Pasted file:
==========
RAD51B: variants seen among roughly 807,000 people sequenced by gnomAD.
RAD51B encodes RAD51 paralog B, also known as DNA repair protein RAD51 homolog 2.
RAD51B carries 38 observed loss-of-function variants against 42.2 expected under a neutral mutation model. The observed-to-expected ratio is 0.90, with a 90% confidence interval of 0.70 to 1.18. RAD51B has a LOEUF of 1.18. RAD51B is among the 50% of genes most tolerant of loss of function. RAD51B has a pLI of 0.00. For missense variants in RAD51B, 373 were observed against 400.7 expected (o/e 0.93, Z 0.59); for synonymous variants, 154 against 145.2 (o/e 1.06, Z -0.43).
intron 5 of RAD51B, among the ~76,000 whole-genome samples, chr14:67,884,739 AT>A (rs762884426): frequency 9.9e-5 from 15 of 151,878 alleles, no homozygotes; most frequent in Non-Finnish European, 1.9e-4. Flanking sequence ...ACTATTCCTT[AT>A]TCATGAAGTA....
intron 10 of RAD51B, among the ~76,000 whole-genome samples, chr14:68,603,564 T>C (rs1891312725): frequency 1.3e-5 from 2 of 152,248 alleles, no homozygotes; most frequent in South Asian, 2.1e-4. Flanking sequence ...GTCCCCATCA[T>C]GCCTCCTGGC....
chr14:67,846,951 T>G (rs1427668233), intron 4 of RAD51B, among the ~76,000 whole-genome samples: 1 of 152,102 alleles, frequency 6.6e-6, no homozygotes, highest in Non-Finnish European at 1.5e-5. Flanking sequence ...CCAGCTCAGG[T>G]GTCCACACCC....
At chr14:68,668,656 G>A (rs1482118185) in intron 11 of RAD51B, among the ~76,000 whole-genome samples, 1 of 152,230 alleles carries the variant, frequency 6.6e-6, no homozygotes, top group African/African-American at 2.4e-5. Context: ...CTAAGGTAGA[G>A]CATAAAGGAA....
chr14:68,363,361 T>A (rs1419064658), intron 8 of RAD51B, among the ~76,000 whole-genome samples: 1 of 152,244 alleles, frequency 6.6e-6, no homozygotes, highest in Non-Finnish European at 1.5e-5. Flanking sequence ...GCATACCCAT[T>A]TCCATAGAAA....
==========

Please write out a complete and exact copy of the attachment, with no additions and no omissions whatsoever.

RAD51B: variants seen among roughly 807,000 people sequenced by gnomAD.
RAD51B encodes RAD51 paralog B, also known as DNA repair protein RAD51 homolog 2.
RAD51B carries 38 observed loss-of-function variants against 42.2 expected under a neutral mutation model. The observed-to-expected ratio is 0.90, with a 90% confidence interval of 0.70 to 1.18. RAD51B has a LOEUF of 1.18. RAD51B is among the 50% of genes most tolerant of loss of function. RAD51B has a pLI of 0.00. For missense variants in RAD51B, 373 were observed against 400.7 expected (o/e 0.93, Z 0.59); for synonymous variants, 154 against 145.2 (o/e 1.06, Z -0.43).
intron 5 of RAD51B, among the ~76,000 whole-genome samples, chr14:67,884,739 AT>A (rs762884426): frequency 9.9e-5 from 15 of 151,878 alleles, no homozygotes; most frequent in Non-Finnish European, 1.9e-4. Flanking sequence ...ACTATTCCTT[AT>A]TCATGAAGTA....
intron 10 of RAD51B, among the ~76,000 whole-genome samples, chr14:68,603,564 T>C (rs1891312725): frequency 1.3e-5 from 2 of 152,248 alleles, no homozygotes; most frequent in South Asian, 2.1e-4. Flanking sequence ...GTCCCCATCA[T>C]GCCTCCTGGC....
chr14:67,846,951 T>G (rs1427668233), intron 4 of RAD51B, among the ~76,000 whole-genome samples: 1 of 152,102 alleles, frequency 6.6e-6, no homozygotes, highest in Non-Finnish European at 1.5e-5. Flanking sequence ...CCAGCTCAGG[T>G]GTCCACACCC....
At chr14:68,668,656 G>A (rs1482118185) in intron 11 of RAD51B, among the ~76,000 whole-genome samples, 1 of 152,230 alleles carries the variant, frequency 6.6e-6, no homozygotes, top group African/African-American at 2.4e-5. Context: ...CTAAGGTAGA[G>A]CATAAAGGAA....
chr14:68,363,361 T>A (rs1419064658), intron 8 of RAD51B, among the ~76,000 whole-genome samples: 1 of 152,244 alleles, frequency 6.6e-6, no homozygotes, highest in Non-Finnish European at 1.5e-5. Flanking sequence ...GCATACCCAT[T>A]TCCATAGAAA....